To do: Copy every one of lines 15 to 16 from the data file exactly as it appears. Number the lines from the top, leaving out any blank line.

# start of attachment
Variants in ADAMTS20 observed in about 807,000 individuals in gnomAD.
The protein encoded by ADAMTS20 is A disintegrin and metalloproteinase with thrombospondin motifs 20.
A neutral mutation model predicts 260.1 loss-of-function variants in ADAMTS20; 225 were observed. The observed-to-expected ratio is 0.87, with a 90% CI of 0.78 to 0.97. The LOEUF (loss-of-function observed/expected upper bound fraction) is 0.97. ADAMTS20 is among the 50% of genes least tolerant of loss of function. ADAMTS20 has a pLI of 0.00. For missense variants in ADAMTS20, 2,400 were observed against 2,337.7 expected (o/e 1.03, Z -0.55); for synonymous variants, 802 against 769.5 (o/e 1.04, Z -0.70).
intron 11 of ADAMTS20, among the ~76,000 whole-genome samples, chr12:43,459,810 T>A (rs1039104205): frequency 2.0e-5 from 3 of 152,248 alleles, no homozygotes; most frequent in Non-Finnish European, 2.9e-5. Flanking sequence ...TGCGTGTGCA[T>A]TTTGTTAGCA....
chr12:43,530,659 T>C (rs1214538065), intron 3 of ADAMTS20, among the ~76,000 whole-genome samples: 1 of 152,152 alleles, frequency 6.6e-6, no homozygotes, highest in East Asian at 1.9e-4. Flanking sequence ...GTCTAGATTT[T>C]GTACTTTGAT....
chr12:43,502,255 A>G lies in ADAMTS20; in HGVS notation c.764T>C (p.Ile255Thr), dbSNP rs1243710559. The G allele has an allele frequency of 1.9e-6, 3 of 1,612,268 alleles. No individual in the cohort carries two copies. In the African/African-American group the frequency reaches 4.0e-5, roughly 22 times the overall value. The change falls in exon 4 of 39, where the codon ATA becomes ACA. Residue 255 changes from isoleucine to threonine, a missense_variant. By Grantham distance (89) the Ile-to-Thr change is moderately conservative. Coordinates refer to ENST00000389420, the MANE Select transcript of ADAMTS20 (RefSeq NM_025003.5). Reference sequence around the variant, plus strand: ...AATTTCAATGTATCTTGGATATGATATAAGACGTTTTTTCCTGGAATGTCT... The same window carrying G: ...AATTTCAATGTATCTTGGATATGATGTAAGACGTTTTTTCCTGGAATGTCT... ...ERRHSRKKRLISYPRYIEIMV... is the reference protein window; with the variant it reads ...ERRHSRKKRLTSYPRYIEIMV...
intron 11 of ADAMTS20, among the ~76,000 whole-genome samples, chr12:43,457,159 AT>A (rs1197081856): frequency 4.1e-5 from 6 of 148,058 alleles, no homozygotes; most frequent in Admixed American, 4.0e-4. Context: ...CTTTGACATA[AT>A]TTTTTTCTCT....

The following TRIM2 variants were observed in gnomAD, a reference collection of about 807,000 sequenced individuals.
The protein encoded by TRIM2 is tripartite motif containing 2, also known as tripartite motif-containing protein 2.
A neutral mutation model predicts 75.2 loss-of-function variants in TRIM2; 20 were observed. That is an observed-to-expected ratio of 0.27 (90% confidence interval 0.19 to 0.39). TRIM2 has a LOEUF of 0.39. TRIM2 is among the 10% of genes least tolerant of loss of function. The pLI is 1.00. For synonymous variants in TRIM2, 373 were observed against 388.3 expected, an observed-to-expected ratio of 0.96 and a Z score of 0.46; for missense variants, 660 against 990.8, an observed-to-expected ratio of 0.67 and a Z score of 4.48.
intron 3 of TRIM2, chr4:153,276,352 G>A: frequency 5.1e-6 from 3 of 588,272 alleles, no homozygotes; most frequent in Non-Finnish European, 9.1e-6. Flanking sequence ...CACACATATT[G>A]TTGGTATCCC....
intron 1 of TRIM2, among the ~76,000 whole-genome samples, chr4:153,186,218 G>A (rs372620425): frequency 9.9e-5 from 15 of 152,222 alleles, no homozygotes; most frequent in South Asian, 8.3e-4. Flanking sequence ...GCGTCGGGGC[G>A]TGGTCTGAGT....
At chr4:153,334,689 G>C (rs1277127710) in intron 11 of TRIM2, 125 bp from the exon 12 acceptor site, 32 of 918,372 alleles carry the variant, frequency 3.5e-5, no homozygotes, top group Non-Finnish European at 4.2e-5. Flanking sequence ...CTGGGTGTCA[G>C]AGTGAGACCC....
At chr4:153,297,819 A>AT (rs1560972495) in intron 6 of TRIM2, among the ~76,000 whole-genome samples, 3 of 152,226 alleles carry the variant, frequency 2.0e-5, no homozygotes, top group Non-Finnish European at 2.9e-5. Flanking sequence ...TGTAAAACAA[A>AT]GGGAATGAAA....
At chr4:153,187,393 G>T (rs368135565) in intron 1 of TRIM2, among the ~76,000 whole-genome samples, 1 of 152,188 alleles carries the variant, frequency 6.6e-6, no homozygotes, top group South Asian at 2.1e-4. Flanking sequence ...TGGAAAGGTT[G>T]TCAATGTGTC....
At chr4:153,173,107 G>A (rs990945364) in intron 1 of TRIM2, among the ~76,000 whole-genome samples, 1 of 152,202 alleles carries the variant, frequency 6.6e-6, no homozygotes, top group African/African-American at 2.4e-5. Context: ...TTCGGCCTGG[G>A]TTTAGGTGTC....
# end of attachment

At chr4:153,187,393 G>T (rs368135565) in intron 1 of TRIM2, among the ~76,000 whole-genome samples, 1 of 152,188 alleles carries the variant, frequency 6.6e-6, no homozygotes, top group South Asian at 2.1e-4. Flanking sequence ...TGGAAAGGTT[G>T]TCAATGTGTC....
At chr4:153,173,107 G>A (rs990945364) in intron 1 of TRIM2, among the ~76,000 whole-genome samples, 1 of 152,202 alleles carries the variant, frequency 6.6e-6, no homozygotes, top group African/African-American at 2.4e-5. Context: ...TTCGGCCTGG[G>A]TTTAGGTGTC....